A 3-D look down the RabbitHole
Poster-size moving holograms set to invade ads and art.
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The advance that makes such compelling effects possible is the development of a three-color pulsed laser that is better than the previous two technologies – continuous wave and single-color pulsed lasers. The new pulsed lasers require only a one-ten-millionth-of-a-second spurt of red, green, and blue light, whereas previous systems employed a low-intensity lamp, which required exposure times lasting from just under one second to a few minutes. Unintended vibrations during these longer exposures lead to diminished resolution of the hologram.Skip to next paragraph
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RabbitHoles Media brought the technology to the United States in 2007 – and the company refers to each finished hologram as a “RabbitHole.”
Veta Bates, the company’s director of creative affairs, says RabbitHoles work much like flip-books because they reflect image sequences into the space in front of the print. But in this case, viewers walk past the images to make them change, rather than flipping pages with their thumbs. There are up to 1,280 different “pages” in each RabbitHole, she says.
RabbitHole software uses special algorithms to determine what you see. “Your eye and brain meld the images back together seamlessly and the image appears to move as you move around the poster,” says Ms. Bates.
In a two-dimensional world, a pixel is the smallest piece of information in an image. If you look closely enough, newspapers and computer screens are little more than grids of dots. In the 3-D world of RabbitHoles, a poster-size print contains about 275,000 holopixels, each with 1,280 angles or perspectives, meaning the viewer is actually seeing 353 million bits of visual information.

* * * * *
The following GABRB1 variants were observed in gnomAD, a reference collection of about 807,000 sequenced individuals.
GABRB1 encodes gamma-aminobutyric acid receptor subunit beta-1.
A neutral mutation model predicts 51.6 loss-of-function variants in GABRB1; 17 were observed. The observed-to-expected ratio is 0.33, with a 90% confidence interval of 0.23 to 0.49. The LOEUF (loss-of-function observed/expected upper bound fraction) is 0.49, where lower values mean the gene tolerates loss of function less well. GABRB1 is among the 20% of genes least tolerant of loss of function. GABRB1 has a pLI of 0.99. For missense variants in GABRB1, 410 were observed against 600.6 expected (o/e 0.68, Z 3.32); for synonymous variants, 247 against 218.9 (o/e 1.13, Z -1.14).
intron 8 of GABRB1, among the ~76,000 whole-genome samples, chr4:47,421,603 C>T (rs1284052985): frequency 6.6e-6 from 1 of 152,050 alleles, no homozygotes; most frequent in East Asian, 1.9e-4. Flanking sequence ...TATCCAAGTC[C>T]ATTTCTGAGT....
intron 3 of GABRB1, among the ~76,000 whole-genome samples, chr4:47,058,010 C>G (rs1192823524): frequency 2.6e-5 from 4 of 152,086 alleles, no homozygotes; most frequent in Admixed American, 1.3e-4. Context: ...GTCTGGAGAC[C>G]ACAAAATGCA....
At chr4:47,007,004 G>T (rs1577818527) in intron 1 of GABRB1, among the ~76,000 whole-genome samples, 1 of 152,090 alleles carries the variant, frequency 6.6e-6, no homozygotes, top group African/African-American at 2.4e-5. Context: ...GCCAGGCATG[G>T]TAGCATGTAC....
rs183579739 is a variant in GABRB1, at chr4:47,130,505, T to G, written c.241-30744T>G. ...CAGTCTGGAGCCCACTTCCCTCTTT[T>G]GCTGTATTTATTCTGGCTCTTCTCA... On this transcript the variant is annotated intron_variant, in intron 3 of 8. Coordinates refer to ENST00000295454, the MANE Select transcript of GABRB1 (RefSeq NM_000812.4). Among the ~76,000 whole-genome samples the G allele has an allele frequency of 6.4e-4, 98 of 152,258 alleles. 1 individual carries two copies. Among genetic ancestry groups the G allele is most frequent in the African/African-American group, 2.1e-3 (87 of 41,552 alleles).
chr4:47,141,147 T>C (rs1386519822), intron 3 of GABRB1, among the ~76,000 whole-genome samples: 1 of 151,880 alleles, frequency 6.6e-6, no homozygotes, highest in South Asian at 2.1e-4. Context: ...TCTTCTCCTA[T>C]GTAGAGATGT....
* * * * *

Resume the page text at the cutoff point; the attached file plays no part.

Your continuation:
Data from virtual or digital cameras is sent to a printer, which divides each frame into holopixels. The finished product is transferred to Plexiglas, which can be framed and mounted. A halogen lamp is then shined onto the surface from above or below at a 45-degree angle, which produces the three dimensional effect. When examined closely without illumination, the finished print looks like thousands of ant-width boxes.
While the new technology seems promising, it faces obstacles to mainstream consumer usage, most notably the high costs and technical complexity of production. A single movie-poster-size piece takes four hours to print, and costs $2,000.
“We’re working on bringing down the prices and speeding up the production process,” says RabbitHoles CEO Todd Allan. Everyday usage, such as in animated holographic family snapshots, is certainly a goal, but at the moment, prices for single limited-edition prints in the upcoming show at the Gnomon Gallery run about $2,400.
The detailed modeling also has applications in science, architecture, and even museums, where it can be used to catalog collections.
While the technology is taking its bow in the heart of the entertainment industry (it appeared last summer at a comic book convention in San Diego, but Mr. Allan calls that “a dress rehearsal”), the artists themselves say the medium opens a new door for them as well.
“It is wonderful to have a display method for my 3-D artwork, which was created in virtual 3-D space and really should be shown in three dimensions for the full effect,” says Meats Meier, an artist featured at the Gnomon Gallery. “Printing my 3-D-created artwork onto a flat, boring canvas [has been] very depressing to me. I want to see it come alive and breathe its digital breath.”